Veronika and her two friends happened to be walking past his BMW at that exact moment. My beautiful cousin was shot seven times and, we later learned, lived for several minutes while police and good Samaritans attempted CPR. One of Veronika’s best friends, Katie Cooper, was walking alongside her and died instantly. A third friend survived with life-threatening injuries. Seven people died that night, including the shooter, who took his own life.

Sarah and her cousin Veronika, at Sarah's wedding.

A preventable tragedy

In the weeks that followed Veronika’s shooting, we learned that the shooter’s family had reported their concerns about his mental state to law enforcement, concerned that he was a danger to himself or others. In response, police had visited his apartment on a “wellness check” and questioned him, but with no legal authority to search his belongings or seize his weapons under California state law, they left.

They left.

I shudder when I visualize the moment authorities turned their backs as my cousin's murderer closed his apartment door behind them; it was a split-second that could have stopped a tragedy and saved not only Veronika and the five other victims, but the shooter as well. In his manifesto, which he published on YouTube just prior to the murders, he admitted that, “it would have been all over” if police had entered his apartment that day. Instead, everyone who was in a position to help had their hands tied, genuinely helpless to remove a mentally unstable person from his guns.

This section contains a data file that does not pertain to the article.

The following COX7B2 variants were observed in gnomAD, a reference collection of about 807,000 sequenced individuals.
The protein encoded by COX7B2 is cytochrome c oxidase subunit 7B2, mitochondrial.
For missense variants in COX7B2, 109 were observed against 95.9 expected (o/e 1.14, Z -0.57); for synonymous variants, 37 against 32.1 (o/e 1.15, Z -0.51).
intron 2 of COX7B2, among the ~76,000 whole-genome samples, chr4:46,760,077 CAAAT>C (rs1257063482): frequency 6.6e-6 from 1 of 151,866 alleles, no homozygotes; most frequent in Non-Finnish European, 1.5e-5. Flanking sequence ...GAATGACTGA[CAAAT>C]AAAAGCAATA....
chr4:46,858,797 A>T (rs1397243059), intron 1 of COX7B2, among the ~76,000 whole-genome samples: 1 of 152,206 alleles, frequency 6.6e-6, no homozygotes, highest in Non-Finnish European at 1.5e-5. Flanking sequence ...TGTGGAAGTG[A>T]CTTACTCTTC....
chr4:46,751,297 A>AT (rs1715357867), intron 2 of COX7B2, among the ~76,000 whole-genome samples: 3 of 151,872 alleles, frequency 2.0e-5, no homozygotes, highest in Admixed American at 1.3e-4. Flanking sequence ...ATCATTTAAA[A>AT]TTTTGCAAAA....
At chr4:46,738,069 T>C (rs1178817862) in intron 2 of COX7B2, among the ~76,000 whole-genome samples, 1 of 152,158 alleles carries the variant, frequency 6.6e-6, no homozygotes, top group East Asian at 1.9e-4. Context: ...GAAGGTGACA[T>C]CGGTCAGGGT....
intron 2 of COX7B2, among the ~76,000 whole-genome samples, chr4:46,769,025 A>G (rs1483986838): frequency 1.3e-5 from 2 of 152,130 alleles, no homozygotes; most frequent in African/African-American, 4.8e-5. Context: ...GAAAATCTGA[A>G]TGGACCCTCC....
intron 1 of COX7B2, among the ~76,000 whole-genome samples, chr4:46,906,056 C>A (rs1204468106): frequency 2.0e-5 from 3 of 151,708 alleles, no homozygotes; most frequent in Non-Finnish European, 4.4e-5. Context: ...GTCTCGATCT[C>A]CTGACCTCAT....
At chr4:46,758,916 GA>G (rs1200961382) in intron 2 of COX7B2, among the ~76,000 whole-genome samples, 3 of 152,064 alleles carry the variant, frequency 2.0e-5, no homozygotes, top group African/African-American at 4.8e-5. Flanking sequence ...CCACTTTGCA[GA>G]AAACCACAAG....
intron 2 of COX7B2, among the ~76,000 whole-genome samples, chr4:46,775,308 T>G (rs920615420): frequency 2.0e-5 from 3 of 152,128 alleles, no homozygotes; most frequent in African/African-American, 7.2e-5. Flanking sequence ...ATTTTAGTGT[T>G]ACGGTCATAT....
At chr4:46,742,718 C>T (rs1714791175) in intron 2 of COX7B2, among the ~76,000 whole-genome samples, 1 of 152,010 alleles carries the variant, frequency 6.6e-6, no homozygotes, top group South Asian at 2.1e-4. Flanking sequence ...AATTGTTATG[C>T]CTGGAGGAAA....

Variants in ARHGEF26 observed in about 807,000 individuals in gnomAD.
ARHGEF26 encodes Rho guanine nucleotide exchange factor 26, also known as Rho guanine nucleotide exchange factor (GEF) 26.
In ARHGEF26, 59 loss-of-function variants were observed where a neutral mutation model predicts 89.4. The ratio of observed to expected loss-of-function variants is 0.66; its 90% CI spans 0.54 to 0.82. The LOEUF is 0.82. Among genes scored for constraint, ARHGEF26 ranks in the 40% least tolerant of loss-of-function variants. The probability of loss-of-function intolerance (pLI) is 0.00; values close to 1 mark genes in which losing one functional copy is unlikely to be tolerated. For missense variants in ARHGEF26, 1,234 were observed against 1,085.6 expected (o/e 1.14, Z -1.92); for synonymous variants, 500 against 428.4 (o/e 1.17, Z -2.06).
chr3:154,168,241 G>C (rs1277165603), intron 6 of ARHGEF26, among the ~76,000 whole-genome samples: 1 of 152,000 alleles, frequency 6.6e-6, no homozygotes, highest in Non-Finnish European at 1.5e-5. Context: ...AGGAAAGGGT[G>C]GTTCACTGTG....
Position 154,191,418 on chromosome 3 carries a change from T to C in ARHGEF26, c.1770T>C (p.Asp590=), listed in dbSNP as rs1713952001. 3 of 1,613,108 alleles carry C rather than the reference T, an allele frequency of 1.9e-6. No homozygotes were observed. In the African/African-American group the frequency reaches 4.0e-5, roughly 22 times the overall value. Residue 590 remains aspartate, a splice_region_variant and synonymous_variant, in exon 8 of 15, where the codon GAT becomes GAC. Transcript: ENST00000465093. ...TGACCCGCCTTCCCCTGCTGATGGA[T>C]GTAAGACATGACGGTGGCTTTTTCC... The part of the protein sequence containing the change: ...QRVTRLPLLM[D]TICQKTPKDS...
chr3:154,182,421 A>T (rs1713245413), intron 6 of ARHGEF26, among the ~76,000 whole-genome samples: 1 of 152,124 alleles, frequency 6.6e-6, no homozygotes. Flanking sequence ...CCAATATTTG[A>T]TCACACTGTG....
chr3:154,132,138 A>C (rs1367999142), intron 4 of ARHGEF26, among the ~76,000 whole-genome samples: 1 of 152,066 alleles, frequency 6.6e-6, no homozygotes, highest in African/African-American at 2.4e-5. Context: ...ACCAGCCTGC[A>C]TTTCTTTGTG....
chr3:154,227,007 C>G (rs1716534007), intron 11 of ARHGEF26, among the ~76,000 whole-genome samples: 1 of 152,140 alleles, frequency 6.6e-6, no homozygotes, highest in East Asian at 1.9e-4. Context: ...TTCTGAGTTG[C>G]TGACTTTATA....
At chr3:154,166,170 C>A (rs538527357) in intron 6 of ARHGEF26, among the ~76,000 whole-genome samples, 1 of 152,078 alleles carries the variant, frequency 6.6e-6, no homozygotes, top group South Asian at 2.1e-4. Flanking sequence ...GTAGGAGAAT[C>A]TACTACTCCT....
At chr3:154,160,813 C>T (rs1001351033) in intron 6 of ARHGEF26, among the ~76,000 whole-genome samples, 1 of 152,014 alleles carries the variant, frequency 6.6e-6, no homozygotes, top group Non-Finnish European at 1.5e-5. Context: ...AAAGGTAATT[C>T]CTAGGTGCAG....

The laws failed that day. There was no system, no plan, and most definitely no safety net.

Everyone who was in a position to help had their hands tied, genuinely helpless to remove a mentally unstable person from his guns.

The laws failed that day. 

What we can learn

Veronika's story is not an isolated one, and school shootings have become a regular part of the news cycle. There have been 142 school shootings since Sandy Hook, the most recent claiming 10 lives thus far and injuring many others on the Umpqua Community College campus.  Details surrounding the Oregon shooting are still uncertain, but we do know this: There are steps we can take to learn from and to prevent these tragedies.